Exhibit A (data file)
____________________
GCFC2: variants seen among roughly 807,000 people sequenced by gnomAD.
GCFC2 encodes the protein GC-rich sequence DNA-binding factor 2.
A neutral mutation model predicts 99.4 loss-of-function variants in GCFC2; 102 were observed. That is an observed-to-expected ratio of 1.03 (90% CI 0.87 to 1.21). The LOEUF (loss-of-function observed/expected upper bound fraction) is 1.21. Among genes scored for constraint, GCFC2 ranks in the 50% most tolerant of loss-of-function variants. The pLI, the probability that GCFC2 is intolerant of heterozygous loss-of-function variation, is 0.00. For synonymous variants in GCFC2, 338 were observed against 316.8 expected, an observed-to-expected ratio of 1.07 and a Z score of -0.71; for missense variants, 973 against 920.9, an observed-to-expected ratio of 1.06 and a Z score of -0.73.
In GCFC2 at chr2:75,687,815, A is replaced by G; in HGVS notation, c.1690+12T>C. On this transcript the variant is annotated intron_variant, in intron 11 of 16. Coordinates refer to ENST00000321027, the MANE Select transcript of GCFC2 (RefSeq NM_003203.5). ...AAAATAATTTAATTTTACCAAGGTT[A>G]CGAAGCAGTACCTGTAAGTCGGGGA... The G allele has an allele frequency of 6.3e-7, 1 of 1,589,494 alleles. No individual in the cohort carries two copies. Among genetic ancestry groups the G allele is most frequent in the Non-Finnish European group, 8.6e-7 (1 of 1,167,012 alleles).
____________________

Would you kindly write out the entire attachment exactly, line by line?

GCFC2: variants seen among roughly 807,000 people sequenced by gnomAD.
GCFC2 encodes the protein GC-rich sequence DNA-binding factor 2.
A neutral mutation model predicts 99.4 loss-of-function variants in GCFC2; 102 were observed. That is an observed-to-expected ratio of 1.03 (90% CI 0.87 to 1.21). The LOEUF (loss-of-function observed/expected upper bound fraction) is 1.21. Among genes scored for constraint, GCFC2 ranks in the 50% most tolerant of loss-of-function variants. The pLI, the probability that GCFC2 is intolerant of heterozygous loss-of-function variation, is 0.00. For synonymous variants in GCFC2, 338 were observed against 316.8 expected, an observed-to-expected ratio of 1.07 and a Z score of -0.71; for missense variants, 973 against 920.9, an observed-to-expected ratio of 1.06 and a Z score of -0.73.
In GCFC2 at chr2:75,687,815, A is replaced by G; in HGVS notation, c.1690+12T>C. On this transcript the variant is annotated intron_variant, in intron 11 of 16. Coordinates refer to ENST00000321027, the MANE Select transcript of GCFC2 (RefSeq NM_003203.5). ...AAAATAATTTAATTTTACCAAGGTT[A>G]CGAAGCAGTACCTGTAAGTCGGGGA... The G allele has an allele frequency of 6.3e-7, 1 of 1,589,494 alleles. No individual in the cohort carries two copies. Among genetic ancestry groups the G allele is most frequent in the Non-Finnish European group, 8.6e-7 (1 of 1,167,012 alleles).